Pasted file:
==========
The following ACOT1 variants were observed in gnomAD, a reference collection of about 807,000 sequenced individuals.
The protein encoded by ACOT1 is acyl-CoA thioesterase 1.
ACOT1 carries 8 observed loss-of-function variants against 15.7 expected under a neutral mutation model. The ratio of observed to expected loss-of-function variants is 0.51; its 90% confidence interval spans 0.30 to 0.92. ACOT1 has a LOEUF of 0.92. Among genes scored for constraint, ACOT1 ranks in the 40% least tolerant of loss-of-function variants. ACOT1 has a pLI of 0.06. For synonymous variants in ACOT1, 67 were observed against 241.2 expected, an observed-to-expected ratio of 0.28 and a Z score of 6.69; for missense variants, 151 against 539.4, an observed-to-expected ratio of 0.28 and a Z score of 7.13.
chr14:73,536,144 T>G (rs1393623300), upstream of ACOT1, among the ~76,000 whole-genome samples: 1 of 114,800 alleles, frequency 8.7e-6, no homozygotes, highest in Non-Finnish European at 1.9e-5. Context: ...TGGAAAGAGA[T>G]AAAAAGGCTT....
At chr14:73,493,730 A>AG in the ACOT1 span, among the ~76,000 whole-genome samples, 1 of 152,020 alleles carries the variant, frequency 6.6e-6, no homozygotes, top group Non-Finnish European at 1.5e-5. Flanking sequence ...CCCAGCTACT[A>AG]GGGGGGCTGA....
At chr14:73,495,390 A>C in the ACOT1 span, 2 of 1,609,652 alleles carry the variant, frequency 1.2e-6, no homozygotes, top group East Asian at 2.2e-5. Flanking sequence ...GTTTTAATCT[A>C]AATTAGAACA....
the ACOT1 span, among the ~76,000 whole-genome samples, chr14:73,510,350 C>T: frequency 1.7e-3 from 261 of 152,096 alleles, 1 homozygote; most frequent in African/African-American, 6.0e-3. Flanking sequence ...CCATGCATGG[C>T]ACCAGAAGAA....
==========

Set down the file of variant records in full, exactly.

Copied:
The following ACOT1 variants were observed in gnomAD, a reference collection of about 807,000 sequenced individuals.
The protein encoded by ACOT1 is acyl-CoA thioesterase 1.
ACOT1 carries 8 observed loss-of-function variants against 15.7 expected under a neutral mutation model. The ratio of observed to expected loss-of-function variants is 0.51; its 90% confidence interval spans 0.30 to 0.92. ACOT1 has a LOEUF of 0.92. Among genes scored for constraint, ACOT1 ranks in the 40% least tolerant of loss-of-function variants. ACOT1 has a pLI of 0.06. For synonymous variants in ACOT1, 67 were observed against 241.2 expected, an observed-to-expected ratio of 0.28 and a Z score of 6.69; for missense variants, 151 against 539.4, an observed-to-expected ratio of 0.28 and a Z score of 7.13.
chr14:73,536,144 T>G (rs1393623300), upstream of ACOT1, among the ~76,000 whole-genome samples: 1 of 114,800 alleles, frequency 8.7e-6, no homozygotes, highest in Non-Finnish European at 1.9e-5. Context: ...TGGAAAGAGA[T>G]AAAAAGGCTT....
At chr14:73,493,730 A>AG in the ACOT1 span, among the ~76,000 whole-genome samples, 1 of 152,020 alleles carries the variant, frequency 6.6e-6, no homozygotes, top group Non-Finnish European at 1.5e-5. Flanking sequence ...CCCAGCTACT[A>AG]GGGGGGCTGA....
At chr14:73,495,390 A>C in the ACOT1 span, 2 of 1,609,652 alleles carry the variant, frequency 1.2e-6, no homozygotes, top group East Asian at 2.2e-5. Flanking sequence ...GTTTTAATCT[A>C]AATTAGAACA....
the ACOT1 span, among the ~76,000 whole-genome samples, chr14:73,510,350 C>T: frequency 1.7e-3 from 261 of 152,096 alleles, 1 homozygote; most frequent in African/African-American, 6.0e-3. Flanking sequence ...CCATGCATGG[C>T]ACCAGAAGAA....